Hang Up and Walk

by Milissa on October 16, 2011

in Breath,Health,Mindful Nature,Mindfulness,Nature,Retreat,Seasons,Trees

Could part of our feelings of stress, overwhelm and not-enough-time-in-the-day be because we’re always ON? Turned on (but not in the 60s slogan sense). We’re talking digitally tuned in and turned on these days. All the time, for so many of us. And the experts are blaming our feelings of too-much-to-do-in-too-little-time on always being available by phone, text, email.

Because we always could (read should) be doing something, we’re afraid to get too far from our devices. Fess up, have you ever checked texts in a theater during a movie? What about in a yoga class…were you really just checking the time?

I’m not trying to call anyone out here, but I do want to suggest a little experiment…

TURN IT OFF (that’s your cell phone) while you WALK!

You heard me right. Not only will giving yourself that break improve your posture (the way things are going in a few generations, I swear, one arm of the human species will be permanently bent at the elbow), give you more energy and help you engage with the world around you. It will also enhance your ability to be more present and effective when you get back to the digital media that make it easier to do your work, connect with family members and friends, and inform yourself on issues you care about and that improve your life and the lives of others.

This is an experiment that has paid off for me. I made a little promise to myself over a decade ago, when I first got a puppy, to hang up while I went for a walk with him. Even though I carry my cell with me (in case of an emergency), the ringer is off. Period.

I decided to do this initially out of respect for my dog, Dewey. Our walks were a great time for us to connect physically and energetically, while we explored nature together. If I was talking on the phone I just wasn’t “there.” Though his sniffing and leg lifting was sometimes boring for me, and I wanted to get back to doing something important, I kept this commitment to “us” and was blessed a thousand times over. Not only did my relationship with my dog benefit, my relationship with the earth deepened, and proved a balm for stress and anxiety that arose over changes in the world—and changes in my own life.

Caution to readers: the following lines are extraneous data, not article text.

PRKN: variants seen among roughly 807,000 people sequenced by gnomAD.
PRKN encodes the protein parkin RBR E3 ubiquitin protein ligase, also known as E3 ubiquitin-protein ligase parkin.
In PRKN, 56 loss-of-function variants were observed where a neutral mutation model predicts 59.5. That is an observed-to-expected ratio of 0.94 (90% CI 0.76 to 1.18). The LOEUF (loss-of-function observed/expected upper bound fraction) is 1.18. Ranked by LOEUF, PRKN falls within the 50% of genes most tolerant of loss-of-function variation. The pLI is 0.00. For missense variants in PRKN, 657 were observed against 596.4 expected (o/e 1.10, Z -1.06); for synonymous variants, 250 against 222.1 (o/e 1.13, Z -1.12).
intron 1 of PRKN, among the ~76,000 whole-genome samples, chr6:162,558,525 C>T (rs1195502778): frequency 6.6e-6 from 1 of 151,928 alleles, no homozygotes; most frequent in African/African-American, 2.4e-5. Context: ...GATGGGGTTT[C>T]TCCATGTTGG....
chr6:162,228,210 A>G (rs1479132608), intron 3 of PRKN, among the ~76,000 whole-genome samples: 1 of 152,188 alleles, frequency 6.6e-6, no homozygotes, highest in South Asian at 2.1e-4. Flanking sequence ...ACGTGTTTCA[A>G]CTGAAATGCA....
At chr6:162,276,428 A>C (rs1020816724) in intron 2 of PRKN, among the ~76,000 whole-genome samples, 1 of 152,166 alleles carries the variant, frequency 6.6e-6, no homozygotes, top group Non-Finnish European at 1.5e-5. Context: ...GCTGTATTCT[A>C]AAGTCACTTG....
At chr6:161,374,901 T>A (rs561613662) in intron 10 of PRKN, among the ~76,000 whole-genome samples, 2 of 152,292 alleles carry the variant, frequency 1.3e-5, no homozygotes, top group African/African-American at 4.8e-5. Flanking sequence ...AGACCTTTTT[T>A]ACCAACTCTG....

On these mindful walks, I was gifted with feelings of spaciousness and expansiveness, and, through being present in the moment to sights, sounds, smells and sensations—as my little terrier modeled for me—I became more able to sustain presence and focus in other areas of my life.

Even now, when I go out to walk with Dewey twice a day, I transition to a feeling that “all will be well” the moment I feel my feet on the earth and begin paying attention to my breathing. When I notice migrating birds flitting about, seasonal foliage on trees and plants, neighborhood children playing, my breathing blooms and so much space opens up in my life. My intuition and creativity kick in, as I walk in silence. And, honestly, some of my best “work” happens on the path by the Mississippi River. Inspiration fills me, and when I get back to my computer, I am refreshed and focused, and I can compose my insights and share them with others in a click.

Please let me know your findings, if you try this experiment, by posting a comment below. How does turning it off tune you into your relationship with your child, your companion animal, your coworkers, your spouse, your neighborhood, Mother Earth, your small “s” self, your higher Self?

Need a little encouragement, structure or just some companionship on the path? Join me and our mindful tribe at the upcoming Mindful Nature Day Retreat on October 30.

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